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Why You Need A Sleeping Bag Liner - Silk, Fleece, Cotton and More

Updated on November 15, 2010

If you are going camping, backpacking or any type of overnight travel bringing a sleeping bag liner along can go a long way to giving you a good night’s sleep.   This article will cover some of the main types of liners and go over some of the different functions that they serve.

More Than Just A Fitted Sheet

Your sleeping bag liner is much more than a fitted sheet. You can add liners to you’re sleeping bag for extra warmth, use them to prolong the life of your sleeping bag, keep yourself clean or even use them on their own. Liners make a great addition to your camping bedroll or fishing bivvies and take up very little extra room in your backpack.

The greatest thing about sleeping bag liners are their versatility. You are carrying one piece of equipment that has multiple functions and uses and this can make your trip all the more comfortable and also be extremely useful in emergencies where you need some warmth to guard against hypothermia or even some extra bedding for unexpected guests. 

Sleeping Bag Liner
Sleeping Bag Liner

Extra Warmth

When the weather gets cooler you can transform your existing sleeping bag to be up to 15 degrees warmer with a good liner. Adding an extra layer of insulation can allow you to not only save a considerable amount of money buying a new sleeping bag but also allow you to stay out longer and have gear that it more adaptable to different circumstances.

Get More From Your Gear

Having a lining will extend the life of your sleeping bag. By washing the liner instead of the entire sleeping bag you will keep the down and other insulating materials from bunching and piling thus reducing its effectiveness in keeping you warm. Having a lining that is easy to remove will also likely be washed more regularly. With the average person sweating up to a liter a night, you wouldn’t want to be sleeping in something which has been collecting your sweat and dirt from your previous trips.

Lighten the Load

For warmer weather a good sleeping bag liner is often all you need to take with you. If you are looking to travel light then leaving a sleeping bag at home in place of a liner will save lots of room in your backpack. Sleeping bag liners are becoming increasingly popular with backpackers as they can be used on top or in place of sheets in a hostel or if you are doing an overnight on a train.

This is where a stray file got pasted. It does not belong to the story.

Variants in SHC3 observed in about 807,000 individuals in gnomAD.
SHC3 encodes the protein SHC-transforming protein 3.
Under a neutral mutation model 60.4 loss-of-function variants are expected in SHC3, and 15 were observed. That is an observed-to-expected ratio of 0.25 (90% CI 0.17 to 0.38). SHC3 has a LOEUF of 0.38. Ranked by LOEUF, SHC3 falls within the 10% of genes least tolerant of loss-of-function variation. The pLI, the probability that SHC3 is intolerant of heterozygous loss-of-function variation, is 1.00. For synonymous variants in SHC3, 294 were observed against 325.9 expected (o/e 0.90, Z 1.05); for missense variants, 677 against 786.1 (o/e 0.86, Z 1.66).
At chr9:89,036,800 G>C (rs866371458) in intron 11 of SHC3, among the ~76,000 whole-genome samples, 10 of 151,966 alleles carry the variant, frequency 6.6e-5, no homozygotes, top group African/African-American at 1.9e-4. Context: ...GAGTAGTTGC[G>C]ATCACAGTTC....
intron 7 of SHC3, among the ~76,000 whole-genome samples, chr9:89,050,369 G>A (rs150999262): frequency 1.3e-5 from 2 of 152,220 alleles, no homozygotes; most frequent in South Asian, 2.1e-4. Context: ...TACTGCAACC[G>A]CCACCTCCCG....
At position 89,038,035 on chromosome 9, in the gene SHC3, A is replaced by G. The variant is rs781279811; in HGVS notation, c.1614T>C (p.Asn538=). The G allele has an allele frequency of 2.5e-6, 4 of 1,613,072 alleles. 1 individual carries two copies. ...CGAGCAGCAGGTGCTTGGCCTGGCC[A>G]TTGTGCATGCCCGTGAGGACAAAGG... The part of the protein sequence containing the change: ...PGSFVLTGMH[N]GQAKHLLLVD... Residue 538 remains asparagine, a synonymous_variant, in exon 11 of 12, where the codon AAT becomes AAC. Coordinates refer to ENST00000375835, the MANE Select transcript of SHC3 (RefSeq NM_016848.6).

So What Are They Made From?

Liners are commonly made from cotton, fleece or silk. Each has their pros and cons.

Cotton sleeping bag liners

Cotton liners are the most basic and cheapest. Using a cotton sleeping bag liner will give you a similar sensation as sleeping in your own bed at home but the drawback will be its weight that said using a proper cotton liner is a good idea if you aren’t camping too frequently as you can pick one up for as little as $10.

Fleece sleeping bag liners

For added warmth, fleece sleeping bag liners are a good option. Fleece liners are extremely warm for their weight and come in a variety of thicknesses ideal if you are looking for a lighter substitute to your sleeping bag. The main disadvantage with fleece is that it takes up more space than other liners and you can make up for the warmth factor by simply wearing more layers. A fleece lining will retail from around $40.

Silk sleeping bag liners

At the top end of the price range is the silk sleeping bag liner. Silk carries all the advantages of being light, compact and warm. Because silk is a natural fabric it effectively wicks sweat and moisture away from the skin keeping your sleeping bag from becoming damp. Silk keeps the warm air close to your body and has the added benefit of protecting you against mosquito’s because of its fabric. You can expect to pay $50-60 for silk sleeping bag liners.

Optional Extras

Beyond the basic choice of materials manufacturers have made a range of additions including antibacterial and antimicrobial treatments to help keep your sleeping bag cleaner. Other additions include insect repellent treatments for a more comfortable night’s sleep. Besides the three main materials there are a range of extensive synthetic fabrics also being used including thermolite, coolmax and rip stop each making liners warmer, drier and more durable respectively. 

Sleeping bag liners come in either a rectangular or “mummy” style cut to fit most conventional sleeping bags. It’s important to get a good fit so that you aren’t left with a lot of loose material inside your sleeping bag making it more difficult to regulate the temperature.

Regardless of your budget there is a sleeping bag liner in the market that will help make your next camping trip or holiday a lot more comfortable and for much less effort than you may have thought. Just be sure you actually wash yours regularly.



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